The Royal Colony of South Carolina

The Tea Act and its Consquences in the Carolinas

May 1773

The Tea Act gave the East India Company a monopoly on the trade in tea, made it illegal for the colonies to buy non-British tea, and forced the colonies to pay the tea tax of 3 cents/pound. Click Here to read the entire Tea Act.

The Tea Act, passed by Parliament in May of 1773, would launch the final spark to the revolutionary movement in the colonies. The Act was not intended to raise revenue in the American colonies, and in fact imposed no new taxes. It was designed to prop up the East India Company which was floundering financially and burdened with eighteen million pounds of unsold tea.

This tea was to be shipped directly to the colonies, and sold at a bargain price. The Townshend Duties were still in place; however, and the radical leaders in America found reason to believe that this Act was a maneuver to buy popular support for the taxes already in force. The direct sale of tea, via British agents, would also have undercut the business of local merchants.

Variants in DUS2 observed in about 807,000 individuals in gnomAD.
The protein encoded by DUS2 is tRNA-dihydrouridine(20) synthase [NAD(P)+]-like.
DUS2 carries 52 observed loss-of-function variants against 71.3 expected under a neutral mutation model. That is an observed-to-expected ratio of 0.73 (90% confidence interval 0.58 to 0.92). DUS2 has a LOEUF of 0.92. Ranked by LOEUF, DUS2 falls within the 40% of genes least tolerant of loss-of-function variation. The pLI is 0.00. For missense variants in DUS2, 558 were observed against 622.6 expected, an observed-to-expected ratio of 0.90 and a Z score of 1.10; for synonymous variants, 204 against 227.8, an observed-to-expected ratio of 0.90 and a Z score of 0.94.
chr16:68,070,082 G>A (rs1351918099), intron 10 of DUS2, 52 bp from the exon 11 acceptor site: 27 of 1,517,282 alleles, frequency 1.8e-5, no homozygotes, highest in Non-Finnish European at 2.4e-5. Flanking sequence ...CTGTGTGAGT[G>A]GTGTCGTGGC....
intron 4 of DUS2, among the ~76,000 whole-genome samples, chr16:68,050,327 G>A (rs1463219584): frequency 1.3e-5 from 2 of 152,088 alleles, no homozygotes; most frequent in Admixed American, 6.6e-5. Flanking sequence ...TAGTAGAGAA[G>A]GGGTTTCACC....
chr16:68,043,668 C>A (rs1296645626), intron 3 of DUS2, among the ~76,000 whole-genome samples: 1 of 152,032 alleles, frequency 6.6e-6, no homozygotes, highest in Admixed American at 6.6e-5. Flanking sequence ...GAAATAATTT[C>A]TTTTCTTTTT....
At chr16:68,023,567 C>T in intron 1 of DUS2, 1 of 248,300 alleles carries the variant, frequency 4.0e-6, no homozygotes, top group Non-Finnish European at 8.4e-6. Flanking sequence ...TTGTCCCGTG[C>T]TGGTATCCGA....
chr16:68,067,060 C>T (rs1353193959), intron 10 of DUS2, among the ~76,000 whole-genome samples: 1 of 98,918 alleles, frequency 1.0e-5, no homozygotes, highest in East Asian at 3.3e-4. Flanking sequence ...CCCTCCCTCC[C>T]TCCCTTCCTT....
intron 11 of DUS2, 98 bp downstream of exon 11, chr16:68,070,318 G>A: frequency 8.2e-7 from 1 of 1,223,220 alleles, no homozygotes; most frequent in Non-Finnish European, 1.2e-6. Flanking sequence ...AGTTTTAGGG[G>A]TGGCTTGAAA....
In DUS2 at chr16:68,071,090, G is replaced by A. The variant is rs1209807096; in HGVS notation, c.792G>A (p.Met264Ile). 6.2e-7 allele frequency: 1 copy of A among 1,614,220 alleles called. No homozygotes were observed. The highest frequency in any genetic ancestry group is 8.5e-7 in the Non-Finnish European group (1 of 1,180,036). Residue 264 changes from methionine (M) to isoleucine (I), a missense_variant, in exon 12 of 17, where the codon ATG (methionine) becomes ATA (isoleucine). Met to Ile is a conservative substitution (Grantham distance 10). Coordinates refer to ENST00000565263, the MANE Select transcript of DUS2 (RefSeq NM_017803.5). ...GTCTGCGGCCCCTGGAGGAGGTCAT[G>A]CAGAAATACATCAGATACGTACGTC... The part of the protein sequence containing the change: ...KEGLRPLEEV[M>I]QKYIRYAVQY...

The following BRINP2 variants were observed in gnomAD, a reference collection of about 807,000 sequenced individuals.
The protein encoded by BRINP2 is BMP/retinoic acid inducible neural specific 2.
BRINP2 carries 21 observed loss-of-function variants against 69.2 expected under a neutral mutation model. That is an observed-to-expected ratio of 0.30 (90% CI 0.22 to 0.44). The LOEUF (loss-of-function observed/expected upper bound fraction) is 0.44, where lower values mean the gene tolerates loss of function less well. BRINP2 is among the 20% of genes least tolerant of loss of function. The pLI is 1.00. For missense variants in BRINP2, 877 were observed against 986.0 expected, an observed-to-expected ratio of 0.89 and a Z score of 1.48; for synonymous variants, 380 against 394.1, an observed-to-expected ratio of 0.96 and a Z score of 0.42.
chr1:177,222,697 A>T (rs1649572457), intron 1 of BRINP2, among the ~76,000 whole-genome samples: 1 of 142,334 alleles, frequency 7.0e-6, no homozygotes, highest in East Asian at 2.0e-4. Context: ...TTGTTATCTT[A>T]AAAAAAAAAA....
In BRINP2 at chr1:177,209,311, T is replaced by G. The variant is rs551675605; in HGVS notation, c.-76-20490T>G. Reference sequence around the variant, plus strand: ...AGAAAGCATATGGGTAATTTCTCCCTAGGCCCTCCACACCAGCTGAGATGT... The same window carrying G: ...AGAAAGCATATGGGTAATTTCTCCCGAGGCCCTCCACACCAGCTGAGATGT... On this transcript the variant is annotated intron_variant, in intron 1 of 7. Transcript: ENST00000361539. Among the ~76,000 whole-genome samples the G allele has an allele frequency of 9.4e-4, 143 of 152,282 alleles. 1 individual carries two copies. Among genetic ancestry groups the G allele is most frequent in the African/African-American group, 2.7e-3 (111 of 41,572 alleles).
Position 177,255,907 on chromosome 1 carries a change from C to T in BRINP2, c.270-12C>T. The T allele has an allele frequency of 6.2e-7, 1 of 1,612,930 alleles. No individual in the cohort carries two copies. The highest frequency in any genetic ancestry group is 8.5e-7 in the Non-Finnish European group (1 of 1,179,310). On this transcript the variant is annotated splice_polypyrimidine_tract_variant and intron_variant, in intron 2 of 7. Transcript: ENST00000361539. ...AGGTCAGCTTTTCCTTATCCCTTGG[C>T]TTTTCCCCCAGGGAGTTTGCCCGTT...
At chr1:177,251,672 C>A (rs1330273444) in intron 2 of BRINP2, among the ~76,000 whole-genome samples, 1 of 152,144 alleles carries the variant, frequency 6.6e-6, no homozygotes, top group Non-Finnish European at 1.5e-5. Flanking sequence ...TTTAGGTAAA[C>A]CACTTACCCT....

Colonists in Philadelphia and New York turned the tea ships back to Britain. In Charles Town the cargo was left to rot on the docks. In Boston the Royal Governor was stubborn and held the ships in port, where the colonists would not allow them to unload. Cargoes of tea filled the harbor, and the British ship's crews were stalled in Boston looking for work and often finding trouble. This situation lead to the Boston Tea Party.

North Carolina responded to the Tea Act of 1773 by creating and enforcing non-importation agreements that forced merchants to drop trade with Britain. In the following year, when Massachusetts was punished by Parliament for the destruction of a shipload of tea in Boston Harbor, sympathetic North Carolinians sent food and other supplies to its beleaguered northern neighbor.